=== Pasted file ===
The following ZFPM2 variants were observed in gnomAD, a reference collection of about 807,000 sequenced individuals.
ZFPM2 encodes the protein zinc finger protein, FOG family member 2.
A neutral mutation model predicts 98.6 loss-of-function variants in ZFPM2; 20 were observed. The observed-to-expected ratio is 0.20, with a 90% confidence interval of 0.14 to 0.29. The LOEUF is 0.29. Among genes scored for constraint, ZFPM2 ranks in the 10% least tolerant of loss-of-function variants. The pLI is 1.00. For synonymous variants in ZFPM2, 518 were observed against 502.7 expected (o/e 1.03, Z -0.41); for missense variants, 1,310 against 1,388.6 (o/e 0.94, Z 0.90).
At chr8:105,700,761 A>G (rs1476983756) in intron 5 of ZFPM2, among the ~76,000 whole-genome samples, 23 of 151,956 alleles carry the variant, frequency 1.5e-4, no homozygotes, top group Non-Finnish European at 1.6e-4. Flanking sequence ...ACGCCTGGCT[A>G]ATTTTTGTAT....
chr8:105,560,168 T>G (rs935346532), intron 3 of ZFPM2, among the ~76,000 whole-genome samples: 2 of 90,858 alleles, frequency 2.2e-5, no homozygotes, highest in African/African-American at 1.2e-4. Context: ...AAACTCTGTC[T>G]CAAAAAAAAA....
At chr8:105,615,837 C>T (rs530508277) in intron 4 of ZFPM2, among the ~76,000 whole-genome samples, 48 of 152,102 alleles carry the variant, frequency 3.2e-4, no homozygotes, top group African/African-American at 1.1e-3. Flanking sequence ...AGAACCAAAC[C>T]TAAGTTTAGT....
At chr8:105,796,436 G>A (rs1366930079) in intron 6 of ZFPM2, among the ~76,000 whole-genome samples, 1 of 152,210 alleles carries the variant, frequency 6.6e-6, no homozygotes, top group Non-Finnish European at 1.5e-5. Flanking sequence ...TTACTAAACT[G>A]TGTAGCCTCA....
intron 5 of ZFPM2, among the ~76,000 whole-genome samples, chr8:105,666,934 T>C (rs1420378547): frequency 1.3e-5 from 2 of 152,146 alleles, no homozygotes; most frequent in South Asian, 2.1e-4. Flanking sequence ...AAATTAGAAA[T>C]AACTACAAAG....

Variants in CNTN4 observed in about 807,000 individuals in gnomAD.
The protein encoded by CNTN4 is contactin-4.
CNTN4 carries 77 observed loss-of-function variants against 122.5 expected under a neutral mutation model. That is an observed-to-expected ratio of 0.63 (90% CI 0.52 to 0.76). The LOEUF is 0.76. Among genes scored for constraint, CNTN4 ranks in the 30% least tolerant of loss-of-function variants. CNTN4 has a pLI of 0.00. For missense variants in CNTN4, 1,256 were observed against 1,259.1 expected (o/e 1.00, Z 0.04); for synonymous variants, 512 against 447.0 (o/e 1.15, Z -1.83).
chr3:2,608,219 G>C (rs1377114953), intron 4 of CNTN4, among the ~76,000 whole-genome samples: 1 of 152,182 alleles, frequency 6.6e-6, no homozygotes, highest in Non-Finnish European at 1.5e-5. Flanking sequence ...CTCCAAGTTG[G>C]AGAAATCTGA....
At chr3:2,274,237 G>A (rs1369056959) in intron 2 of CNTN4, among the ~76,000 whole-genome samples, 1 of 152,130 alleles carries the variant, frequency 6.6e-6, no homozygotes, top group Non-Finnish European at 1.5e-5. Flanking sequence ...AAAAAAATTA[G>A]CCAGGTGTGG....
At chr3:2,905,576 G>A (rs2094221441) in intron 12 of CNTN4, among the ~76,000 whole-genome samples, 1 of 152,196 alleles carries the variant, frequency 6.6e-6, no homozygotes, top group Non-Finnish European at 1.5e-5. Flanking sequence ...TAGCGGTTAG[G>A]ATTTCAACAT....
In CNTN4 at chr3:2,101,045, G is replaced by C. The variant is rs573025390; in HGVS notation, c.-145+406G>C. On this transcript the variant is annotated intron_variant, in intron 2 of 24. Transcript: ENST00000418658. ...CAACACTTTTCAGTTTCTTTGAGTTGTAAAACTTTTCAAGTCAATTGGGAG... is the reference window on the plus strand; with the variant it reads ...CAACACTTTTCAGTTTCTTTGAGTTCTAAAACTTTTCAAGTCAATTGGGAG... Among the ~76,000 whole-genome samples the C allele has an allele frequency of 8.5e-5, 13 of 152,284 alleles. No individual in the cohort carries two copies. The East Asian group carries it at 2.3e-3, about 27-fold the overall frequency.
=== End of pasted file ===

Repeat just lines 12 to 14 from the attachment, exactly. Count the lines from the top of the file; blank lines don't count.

chr3:2,608,219 G>C (rs1377114953), intron 4 of CNTN4, among the ~76,000 whole-genome samples: 1 of 152,182 alleles, frequency 6.6e-6, no homozygotes, highest in Non-Finnish European at 1.5e-5. Flanking sequence ...CTCCAAGTTG[G>C]AGAAATCTGA....
At chr3:2,274,237 G>A (rs1369056959) in intron 2 of CNTN4, among the ~76,000 whole-genome samples, 1 of 152,130 alleles carries the variant, frequency 6.6e-6, no homozygotes, top group Non-Finnish European at 1.5e-5. Flanking sequence ...AAAAAAATTA[G>A]CCAGGTGTGG....
At chr3:2,905,576 G>A (rs2094221441) in intron 12 of CNTN4, among the ~76,000 whole-genome samples, 1 of 152,196 alleles carries the variant, frequency 6.6e-6, no homozygotes, top group Non-Finnish European at 1.5e-5. Flanking sequence ...TAGCGGTTAG[G>A]ATTTCAACAT....